Pegloticase (Krystexxa) injection coadministered with methotrexate received FDA approval for the treatment of gout.
The FDA approved pegloticase (Krystexxa) injection coadministered with methotrexate, Horizon Therapeutics announced Friday.
Pegloticase is currently the only FDA-approved medication used to reduce symptoms of gout that cannot be managed by other treatments.
The approval covers a supplemental Biologics License Application, which was granted priority review in March, expanding labeling to help more individuals with uncontrolled gout achieve a complete response to therapy.
This FDA approval was based on results from the MIRROR randomized controlled trial, which demonstrated significant improvement and sustained response to pegloticase and methotrexate coadministration, compared with pegloticase alone.
“Immunomodulatory therapies like methotrexate are often used with biologics to reduce the development of anti-drug antibodies and allow more patients to achieve a complete response,” said Elizabeth H.Z. Thompson, PhD, executive vice president of research and development at Horizon. “We anticipate this approval will encourage more physicians to recommend KRYSTEXXA with methotrexate to help their patients with uncontrolled gout receive the full benefits of KRYSTEXXA.”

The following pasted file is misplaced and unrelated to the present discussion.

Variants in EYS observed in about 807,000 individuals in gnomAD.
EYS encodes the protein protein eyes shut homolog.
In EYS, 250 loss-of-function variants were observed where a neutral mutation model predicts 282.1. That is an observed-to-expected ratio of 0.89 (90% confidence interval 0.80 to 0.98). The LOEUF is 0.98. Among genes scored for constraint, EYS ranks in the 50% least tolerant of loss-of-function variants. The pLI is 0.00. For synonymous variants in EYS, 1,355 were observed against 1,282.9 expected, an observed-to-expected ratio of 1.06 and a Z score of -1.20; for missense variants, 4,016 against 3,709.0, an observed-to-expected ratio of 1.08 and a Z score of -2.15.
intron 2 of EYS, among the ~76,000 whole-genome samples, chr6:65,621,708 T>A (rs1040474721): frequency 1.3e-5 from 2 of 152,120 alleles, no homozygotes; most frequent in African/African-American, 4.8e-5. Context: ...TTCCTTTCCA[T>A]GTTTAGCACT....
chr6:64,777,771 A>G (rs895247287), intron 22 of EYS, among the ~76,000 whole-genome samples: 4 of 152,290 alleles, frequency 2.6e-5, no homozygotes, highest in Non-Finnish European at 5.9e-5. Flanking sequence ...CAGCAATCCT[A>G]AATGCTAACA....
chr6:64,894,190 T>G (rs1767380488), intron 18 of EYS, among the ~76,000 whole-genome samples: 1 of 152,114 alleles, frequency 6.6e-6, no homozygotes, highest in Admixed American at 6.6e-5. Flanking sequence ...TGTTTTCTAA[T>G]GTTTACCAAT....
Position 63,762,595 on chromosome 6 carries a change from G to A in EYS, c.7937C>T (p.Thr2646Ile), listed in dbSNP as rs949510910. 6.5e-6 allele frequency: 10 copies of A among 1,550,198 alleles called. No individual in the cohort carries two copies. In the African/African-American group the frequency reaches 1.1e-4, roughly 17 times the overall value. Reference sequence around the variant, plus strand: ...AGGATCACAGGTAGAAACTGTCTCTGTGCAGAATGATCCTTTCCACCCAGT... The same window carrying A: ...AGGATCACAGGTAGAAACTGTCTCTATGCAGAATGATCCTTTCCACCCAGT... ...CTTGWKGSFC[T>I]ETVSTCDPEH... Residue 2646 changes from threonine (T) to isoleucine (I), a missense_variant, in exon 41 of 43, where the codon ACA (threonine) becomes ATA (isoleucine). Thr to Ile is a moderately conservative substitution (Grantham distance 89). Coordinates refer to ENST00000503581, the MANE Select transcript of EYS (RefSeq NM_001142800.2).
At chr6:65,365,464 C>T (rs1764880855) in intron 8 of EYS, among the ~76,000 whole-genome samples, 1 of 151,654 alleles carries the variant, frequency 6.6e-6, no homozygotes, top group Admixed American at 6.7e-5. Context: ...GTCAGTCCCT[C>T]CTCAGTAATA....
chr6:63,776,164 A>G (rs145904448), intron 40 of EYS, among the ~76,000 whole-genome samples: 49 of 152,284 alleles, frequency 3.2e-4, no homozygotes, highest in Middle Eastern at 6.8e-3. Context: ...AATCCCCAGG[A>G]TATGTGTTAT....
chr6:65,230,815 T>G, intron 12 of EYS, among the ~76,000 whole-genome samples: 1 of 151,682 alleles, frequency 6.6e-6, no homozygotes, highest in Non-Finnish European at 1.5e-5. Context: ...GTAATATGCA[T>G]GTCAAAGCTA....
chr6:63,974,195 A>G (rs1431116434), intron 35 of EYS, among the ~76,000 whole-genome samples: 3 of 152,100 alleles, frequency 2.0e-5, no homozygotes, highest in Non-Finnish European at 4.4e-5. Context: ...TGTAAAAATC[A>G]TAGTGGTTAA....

The MIRROR trial included 152 participants with gout, with 100 randomized to receive both pegloticase and methotrexate, and 52 randomized to receive pegloticase and placebo.
Patient response to the coadministered injection was more than 30% greater compared with patient response to pegloticase injection with placebo.
Specifically, 71% of patients who received both pegloticase and methotrexate achieved the primary endpoint, defined as serum urate levels below 6 mg/dL for at least 80% of the time during month 6, compared with 39% of patients in the control group.
Most (60%) participants in the coadministration group also achieved a complete response at month 12, compared with 31% of participants in the control group, marking a nearly 30% higher response rate among the coadministration group at month 12.
Further, pegloticase injection coadministered with methotrexate was linked to notable reductions in infusion reactions. During the study, 4% of patients who received both treatments experienced infusion reactions compared with 31% of patients who received only pegloticase. The researchers noted no new safety signals.
A major symptom of gout is tophus, which occurs when uric acid builds up around the joints and appears as a swollen, bulbous growth underneath the skin.
In the study, 52 patients in the co-administration group and 29 patients in the control group had tophi at baseline. The researchers discovered a 22% increase in complete resolution of 1 or more tophus at month 12 (P = .048).
“Through multiple in-practice case series, the open-label trial and the randomized controlled trial, the medical community has been actively engaged in finding ways to reduce the impact of uncontrolled gout by maximizing the use of KRYSTEXXA,” said investigator John K. Botson, MD, president of Alaska Rheumatology Alliance and rheumatologist at Orthopedic Physicians Alaska. “The expanded labeling reflects robust data on this treatment approach, which can allow us to change outcomes for many uncontrolled gout patients, most of whom have no other treatment option.”